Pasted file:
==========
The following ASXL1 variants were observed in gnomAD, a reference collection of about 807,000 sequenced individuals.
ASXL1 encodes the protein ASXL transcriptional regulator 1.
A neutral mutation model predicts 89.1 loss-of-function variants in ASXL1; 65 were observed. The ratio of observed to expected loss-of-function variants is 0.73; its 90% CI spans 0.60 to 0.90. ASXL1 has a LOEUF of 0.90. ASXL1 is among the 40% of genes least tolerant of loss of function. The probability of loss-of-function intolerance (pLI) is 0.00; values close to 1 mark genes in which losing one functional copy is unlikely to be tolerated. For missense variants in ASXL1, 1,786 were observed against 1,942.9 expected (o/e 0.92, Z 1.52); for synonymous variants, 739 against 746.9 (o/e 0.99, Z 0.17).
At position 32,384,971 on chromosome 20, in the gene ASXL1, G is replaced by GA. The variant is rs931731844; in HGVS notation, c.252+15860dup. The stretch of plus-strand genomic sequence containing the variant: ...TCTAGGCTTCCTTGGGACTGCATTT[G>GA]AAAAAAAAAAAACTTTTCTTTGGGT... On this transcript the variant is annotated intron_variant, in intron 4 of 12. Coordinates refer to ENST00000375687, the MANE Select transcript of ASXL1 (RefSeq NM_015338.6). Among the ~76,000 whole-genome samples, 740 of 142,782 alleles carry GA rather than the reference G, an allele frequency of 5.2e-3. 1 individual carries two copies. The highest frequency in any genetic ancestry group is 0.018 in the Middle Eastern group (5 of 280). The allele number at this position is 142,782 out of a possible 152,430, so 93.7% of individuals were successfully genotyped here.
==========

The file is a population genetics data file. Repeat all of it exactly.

The following ASXL1 variants were observed in gnomAD, a reference collection of about 807,000 sequenced individuals.
ASXL1 encodes the protein ASXL transcriptional regulator 1.
A neutral mutation model predicts 89.1 loss-of-function variants in ASXL1; 65 were observed. The ratio of observed to expected loss-of-function variants is 0.73; its 90% CI spans 0.60 to 0.90. ASXL1 has a LOEUF of 0.90. ASXL1 is among the 40% of genes least tolerant of loss of function. The probability of loss-of-function intolerance (pLI) is 0.00; values close to 1 mark genes in which losing one functional copy is unlikely to be tolerated. For missense variants in ASXL1, 1,786 were observed against 1,942.9 expected (o/e 0.92, Z 1.52); for synonymous variants, 739 against 746.9 (o/e 0.99, Z 0.17).
At position 32,384,971 on chromosome 20, in the gene ASXL1, G is replaced by GA. The variant is rs931731844; in HGVS notation, c.252+15860dup. The stretch of plus-strand genomic sequence containing the variant: ...TCTAGGCTTCCTTGGGACTGCATTT[G>GA]AAAAAAAAAAAACTTTTCTTTGGGT... On this transcript the variant is annotated intron_variant, in intron 4 of 12. Coordinates refer to ENST00000375687, the MANE Select transcript of ASXL1 (RefSeq NM_015338.6). Among the ~76,000 whole-genome samples, 740 of 142,782 alleles carry GA rather than the reference G, an allele frequency of 5.2e-3. 1 individual carries two copies. The highest frequency in any genetic ancestry group is 0.018 in the Middle Eastern group (5 of 280). The allele number at this position is 142,782 out of a possible 152,430, so 93.7% of individuals were successfully genotyped here.